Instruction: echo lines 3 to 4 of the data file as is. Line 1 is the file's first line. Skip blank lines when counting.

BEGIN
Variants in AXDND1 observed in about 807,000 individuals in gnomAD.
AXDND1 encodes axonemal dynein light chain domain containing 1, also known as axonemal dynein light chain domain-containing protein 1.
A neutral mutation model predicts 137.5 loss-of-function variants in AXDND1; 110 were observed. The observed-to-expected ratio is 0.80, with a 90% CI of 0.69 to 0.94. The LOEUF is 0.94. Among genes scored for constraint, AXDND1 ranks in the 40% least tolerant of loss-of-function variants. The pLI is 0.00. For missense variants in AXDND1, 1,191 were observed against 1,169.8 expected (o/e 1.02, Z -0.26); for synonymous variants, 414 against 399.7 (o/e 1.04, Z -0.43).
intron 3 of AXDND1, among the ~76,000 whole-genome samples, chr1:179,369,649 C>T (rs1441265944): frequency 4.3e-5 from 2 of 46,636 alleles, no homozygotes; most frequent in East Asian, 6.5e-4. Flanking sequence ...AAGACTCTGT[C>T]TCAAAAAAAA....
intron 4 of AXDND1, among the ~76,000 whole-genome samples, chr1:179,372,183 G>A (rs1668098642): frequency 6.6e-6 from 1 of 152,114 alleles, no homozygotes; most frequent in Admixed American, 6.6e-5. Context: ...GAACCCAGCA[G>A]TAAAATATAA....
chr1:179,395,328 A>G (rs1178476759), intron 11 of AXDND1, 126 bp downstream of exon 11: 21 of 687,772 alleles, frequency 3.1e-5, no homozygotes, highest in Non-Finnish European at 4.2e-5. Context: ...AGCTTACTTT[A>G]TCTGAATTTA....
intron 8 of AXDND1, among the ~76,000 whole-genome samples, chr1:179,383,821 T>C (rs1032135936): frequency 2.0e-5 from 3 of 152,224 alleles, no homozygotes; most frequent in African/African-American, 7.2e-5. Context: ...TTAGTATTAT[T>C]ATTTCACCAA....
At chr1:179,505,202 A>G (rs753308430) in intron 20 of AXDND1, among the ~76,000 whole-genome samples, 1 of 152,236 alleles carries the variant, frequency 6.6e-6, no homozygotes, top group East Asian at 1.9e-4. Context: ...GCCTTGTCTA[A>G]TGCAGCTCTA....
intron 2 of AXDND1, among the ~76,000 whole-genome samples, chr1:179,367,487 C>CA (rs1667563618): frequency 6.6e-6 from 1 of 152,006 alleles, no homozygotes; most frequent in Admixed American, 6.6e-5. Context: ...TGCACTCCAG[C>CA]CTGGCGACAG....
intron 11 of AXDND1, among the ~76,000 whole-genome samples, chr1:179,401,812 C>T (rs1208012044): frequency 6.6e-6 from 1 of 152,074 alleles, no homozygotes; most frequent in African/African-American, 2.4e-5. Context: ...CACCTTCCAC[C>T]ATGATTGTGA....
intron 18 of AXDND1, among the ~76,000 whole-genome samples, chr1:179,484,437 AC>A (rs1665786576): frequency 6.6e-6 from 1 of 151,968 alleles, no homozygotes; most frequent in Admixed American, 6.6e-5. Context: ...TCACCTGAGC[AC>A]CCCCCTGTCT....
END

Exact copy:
A neutral mutation model predicts 137.5 loss-of-function variants in AXDND1; 110 were observed. The observed-to-expected ratio is 0.80, with a 90% CI of 0.69 to 0.94. The LOEUF is 0.94. Among genes scored for constraint, AXDND1 ranks in the 40% least tolerant of loss-of-function variants. The pLI is 0.00. For missense variants in AXDND1, 1,191 were observed against 1,169.8 expected (o/e 1.02, Z -0.26); for synonymous variants, 414 against 399.7 (o/e 1.04, Z -0.43).
intron 3 of AXDND1, among the ~76,000 whole-genome samples, chr1:179,369,649 C>T (rs1441265944): frequency 4.3e-5 from 2 of 46,636 alleles, no homozygotes; most frequent in East Asian, 6.5e-4. Flanking sequence ...AAGACTCTGT[C>T]TCAAAAAAAA....